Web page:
An investigation into the effect of process parameters on carbon film physical properties produced by different deposition techniques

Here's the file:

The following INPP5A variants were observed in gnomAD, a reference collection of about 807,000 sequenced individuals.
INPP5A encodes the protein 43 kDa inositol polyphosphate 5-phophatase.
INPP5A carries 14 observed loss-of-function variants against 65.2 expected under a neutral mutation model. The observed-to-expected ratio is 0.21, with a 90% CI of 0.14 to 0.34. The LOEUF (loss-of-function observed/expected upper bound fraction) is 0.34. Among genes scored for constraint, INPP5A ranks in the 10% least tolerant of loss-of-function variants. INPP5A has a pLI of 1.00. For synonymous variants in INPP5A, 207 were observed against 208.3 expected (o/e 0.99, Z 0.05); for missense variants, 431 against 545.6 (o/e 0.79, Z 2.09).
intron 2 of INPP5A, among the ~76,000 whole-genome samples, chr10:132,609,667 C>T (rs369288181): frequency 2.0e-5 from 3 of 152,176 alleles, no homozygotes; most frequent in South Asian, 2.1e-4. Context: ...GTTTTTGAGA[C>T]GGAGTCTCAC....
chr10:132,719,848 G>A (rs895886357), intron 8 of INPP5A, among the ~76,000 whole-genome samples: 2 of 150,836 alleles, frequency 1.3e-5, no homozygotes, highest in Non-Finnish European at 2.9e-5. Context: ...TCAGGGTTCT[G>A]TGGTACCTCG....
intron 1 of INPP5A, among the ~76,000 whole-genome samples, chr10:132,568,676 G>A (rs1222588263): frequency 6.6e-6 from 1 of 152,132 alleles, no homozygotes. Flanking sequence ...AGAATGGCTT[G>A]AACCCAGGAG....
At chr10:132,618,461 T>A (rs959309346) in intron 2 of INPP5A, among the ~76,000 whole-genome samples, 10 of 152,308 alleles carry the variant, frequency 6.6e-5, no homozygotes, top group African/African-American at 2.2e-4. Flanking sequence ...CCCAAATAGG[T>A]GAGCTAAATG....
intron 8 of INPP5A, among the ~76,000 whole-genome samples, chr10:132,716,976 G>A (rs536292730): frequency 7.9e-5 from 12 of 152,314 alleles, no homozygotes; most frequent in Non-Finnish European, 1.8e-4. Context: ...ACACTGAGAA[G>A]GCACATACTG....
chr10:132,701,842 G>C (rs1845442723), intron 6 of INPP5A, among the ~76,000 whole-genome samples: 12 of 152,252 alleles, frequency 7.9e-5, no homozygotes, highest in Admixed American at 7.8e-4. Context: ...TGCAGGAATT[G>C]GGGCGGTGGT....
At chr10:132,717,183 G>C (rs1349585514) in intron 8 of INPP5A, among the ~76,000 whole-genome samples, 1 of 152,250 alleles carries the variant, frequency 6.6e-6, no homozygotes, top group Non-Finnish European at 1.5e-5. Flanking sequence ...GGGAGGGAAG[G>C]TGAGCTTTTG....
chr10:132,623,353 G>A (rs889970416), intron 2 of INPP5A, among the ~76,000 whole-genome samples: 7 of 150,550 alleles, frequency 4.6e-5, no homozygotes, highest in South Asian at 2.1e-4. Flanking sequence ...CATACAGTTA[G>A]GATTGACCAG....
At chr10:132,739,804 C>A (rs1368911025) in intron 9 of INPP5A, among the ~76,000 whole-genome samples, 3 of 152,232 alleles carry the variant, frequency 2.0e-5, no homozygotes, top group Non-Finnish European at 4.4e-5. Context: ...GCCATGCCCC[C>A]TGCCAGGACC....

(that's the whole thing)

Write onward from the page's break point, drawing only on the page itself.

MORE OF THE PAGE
This thesis reports research to investigate the effect of process parameters on the physical properties of carbon films produced using different deposition techniques. The deposition techniques utilised are a FAB source, an r.f./d.c. EBPVD system and a hot filament CVD system. The findings of this study indicate that the films produced by the FAB source technique are relatively hard (-2000 HK at 25g). Occasionally some films showed a hardness up to 8000HK due, in part, to elastic recovery during testing. FAB source films are transparent in the infrared, however they suffer from a relatively poor transmission in the visible. The optical band gap is about 1eV. The refractive index is around 2.2 and their hydrogen content is low. When the carbon content in the source gas was reduced by mixing hydrogen with the hydrocarbon used, the transparency, the content of bonded hydrogen in the films and the optical band gap increased slightly but the hardness, adhesion, refractive index and deposition rate decreased. The impact energy has a dominant influence on the film properties. This has been demonstrated by changing the sample orientation.@ FAB source films have good wear and friction properties with only a small sign of localised failure after pin on disc sliding tests for 100 metres. A study on titanium nitride/DLC multilayer films showed that the adhesion at the TiN/DLC interface can be improved (and therefore the wear performance). The best adhesion and wear results were obtained by utilising an over-stoichiometric composition of titanium nitride. FAB source films have been deposited on PET and were shown to be as good as that of sputtered gold on PET, and much superior to evaporated titanium on PET. The transparency of the coated PET has been improved by optimising the deposition conditions. The properties of films grown by plasma-assisted evaporation of graphite depends on the carrier gas used, substrate type and bias voltage (under both d.c and r.f. conditions). Films grown on tool steel in a butane r.f. plasma have a hardness around 4000 HK (25g). The growth rate on glass under similar conditions is very low, but the film is completely transparent with an optical band gap of 2.6 eV. When argon is used as the carrier gas, no film is formed on tool steel, but on glass a completely transparent film is produced. Nanohardness measurement showed that r.f EBPVD films are extremely hard (33-44 GPa) and the lowest elastic recovery was obtained for the non-hydrogenated film (11% against 44% for the a-C:H film). Pin on disc tests of r.f. a-C:H films exhibited a typical film wear of 48x 10⁻⁶mm3/Nm against steel, which represents a modest reduction in wear compared to an uncoated steel substrate. All d.c. EBPVD films showed poor performance in the pin on disc machine due to their poor adhesion. The concentration of bonded hydrogen (αs) in d.c. films is up to five times more than that of FAB source films. Their relatively low refractive index reflects a polymeric type of film. They were more brittle and usually less well adhered than those produced by other methods. Their optical band gap varied between 1eV to 3.5eV. The concentration of total hydrogen (bonded or eventually non-bonded) has been found by coworkers to be 33% in dc EBPVD films and 25% in FAB source films. The decrease of the concentration of bonded hydrogen with cathode voltage and the absence of such correlation for the total hydrogen in dc/EBPVD an FAB source films, suggests the presence of nonbonded hydrogen in the films. One of the achievements of the work is that an empirical relationship is developed, linking the optical band gap with the amount of bonded hydrogen in the film, the relative carbon to hydrogen flow input ratio, and other plasma electrical parameters for carbon coatings produced using a thermionically enhanced plasma-assisted d.c. PVD process. It explains observed properties in terms of process parameters and highlights the difficulties in obtaining consistent coatings on sample surfaces at different locations and orientations in the deposition chamber. Finally a new system is described for the deposition of hard carbon films. This new system allows the generation of very high ionisation levels and produces films with hardnesses over 8000 HK (200g) (thickness - 2.5μm,substrate; tool steel). The deposition rate is higher than previously reported for such hard films (2-3μm/hr) in a 0.5-1% CH₄ in H₂ plasma. SEM microscopy showed particles having octahedral shapes. Raman spectroscopy indicates a OLC structure with some disordered graphite present. Infrared spectrophotometry showed very little evidence of bonded hydrogen in the films. The optical band gap is 2 eV for a film deposited on silica.